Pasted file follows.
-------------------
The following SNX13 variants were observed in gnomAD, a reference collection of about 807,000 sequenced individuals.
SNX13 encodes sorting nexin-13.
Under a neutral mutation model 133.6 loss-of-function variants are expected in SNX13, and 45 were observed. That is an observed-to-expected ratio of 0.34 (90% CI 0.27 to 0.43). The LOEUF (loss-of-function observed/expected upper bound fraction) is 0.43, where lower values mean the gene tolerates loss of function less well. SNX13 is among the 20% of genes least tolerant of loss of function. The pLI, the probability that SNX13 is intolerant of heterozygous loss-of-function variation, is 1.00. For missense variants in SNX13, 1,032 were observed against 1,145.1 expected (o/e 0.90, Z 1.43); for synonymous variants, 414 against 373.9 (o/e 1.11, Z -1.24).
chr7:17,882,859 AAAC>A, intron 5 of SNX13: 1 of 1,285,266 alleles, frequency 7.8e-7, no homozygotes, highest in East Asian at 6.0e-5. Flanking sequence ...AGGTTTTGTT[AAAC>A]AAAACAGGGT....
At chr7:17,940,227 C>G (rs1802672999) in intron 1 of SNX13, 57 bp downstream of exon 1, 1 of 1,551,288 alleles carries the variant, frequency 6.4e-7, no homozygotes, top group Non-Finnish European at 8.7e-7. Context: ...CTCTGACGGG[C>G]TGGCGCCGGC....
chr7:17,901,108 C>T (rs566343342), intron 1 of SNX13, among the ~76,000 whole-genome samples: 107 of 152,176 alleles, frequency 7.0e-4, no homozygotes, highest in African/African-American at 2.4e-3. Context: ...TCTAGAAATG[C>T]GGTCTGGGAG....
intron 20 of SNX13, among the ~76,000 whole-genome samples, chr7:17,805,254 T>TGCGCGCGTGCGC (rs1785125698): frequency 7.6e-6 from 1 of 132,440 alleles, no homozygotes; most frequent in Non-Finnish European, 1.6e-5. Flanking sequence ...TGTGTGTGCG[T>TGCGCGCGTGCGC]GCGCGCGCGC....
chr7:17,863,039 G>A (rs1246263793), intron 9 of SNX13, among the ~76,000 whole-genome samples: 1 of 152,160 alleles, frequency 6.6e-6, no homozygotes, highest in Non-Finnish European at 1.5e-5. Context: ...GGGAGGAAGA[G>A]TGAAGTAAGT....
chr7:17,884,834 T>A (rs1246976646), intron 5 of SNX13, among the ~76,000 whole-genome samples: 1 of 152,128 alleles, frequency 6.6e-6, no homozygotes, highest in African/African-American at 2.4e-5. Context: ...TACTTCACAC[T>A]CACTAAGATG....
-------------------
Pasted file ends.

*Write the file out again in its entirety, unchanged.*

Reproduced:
The following SNX13 variants were observed in gnomAD, a reference collection of about 807,000 sequenced individuals.
SNX13 encodes sorting nexin-13.
Under a neutral mutation model 133.6 loss-of-function variants are expected in SNX13, and 45 were observed. That is an observed-to-expected ratio of 0.34 (90% CI 0.27 to 0.43). The LOEUF (loss-of-function observed/expected upper bound fraction) is 0.43, where lower values mean the gene tolerates loss of function less well. SNX13 is among the 20% of genes least tolerant of loss of function. The pLI, the probability that SNX13 is intolerant of heterozygous loss-of-function variation, is 1.00. For missense variants in SNX13, 1,032 were observed against 1,145.1 expected (o/e 0.90, Z 1.43); for synonymous variants, 414 against 373.9 (o/e 1.11, Z -1.24).
chr7:17,882,859 AAAC>A, intron 5 of SNX13: 1 of 1,285,266 alleles, frequency 7.8e-7, no homozygotes, highest in East Asian at 6.0e-5. Flanking sequence ...AGGTTTTGTT[AAAC>A]AAAACAGGGT....
At chr7:17,940,227 C>G (rs1802672999) in intron 1 of SNX13, 57 bp downstream of exon 1, 1 of 1,551,288 alleles carries the variant, frequency 6.4e-7, no homozygotes, top group Non-Finnish European at 8.7e-7. Context: ...CTCTGACGGG[C>G]TGGCGCCGGC....
chr7:17,901,108 C>T (rs566343342), intron 1 of SNX13, among the ~76,000 whole-genome samples: 107 of 152,176 alleles, frequency 7.0e-4, no homozygotes, highest in African/African-American at 2.4e-3. Context: ...TCTAGAAATG[C>T]GGTCTGGGAG....
intron 20 of SNX13, among the ~76,000 whole-genome samples, chr7:17,805,254 T>TGCGCGCGTGCGC (rs1785125698): frequency 7.6e-6 from 1 of 132,440 alleles, no homozygotes; most frequent in Non-Finnish European, 1.6e-5. Flanking sequence ...TGTGTGTGCG[T>TGCGCGCGTGCGC]GCGCGCGCGC....
chr7:17,863,039 G>A (rs1246263793), intron 9 of SNX13, among the ~76,000 whole-genome samples: 1 of 152,160 alleles, frequency 6.6e-6, no homozygotes, highest in Non-Finnish European at 1.5e-5. Context: ...GGGAGGAAGA[G>A]TGAAGTAAGT....
chr7:17,884,834 T>A (rs1246976646), intron 5 of SNX13, among the ~76,000 whole-genome samples: 1 of 152,128 alleles, frequency 6.6e-6, no homozygotes, highest in African/African-American at 2.4e-5. Context: ...TACTTCACAC[T>A]CACTAAGATG....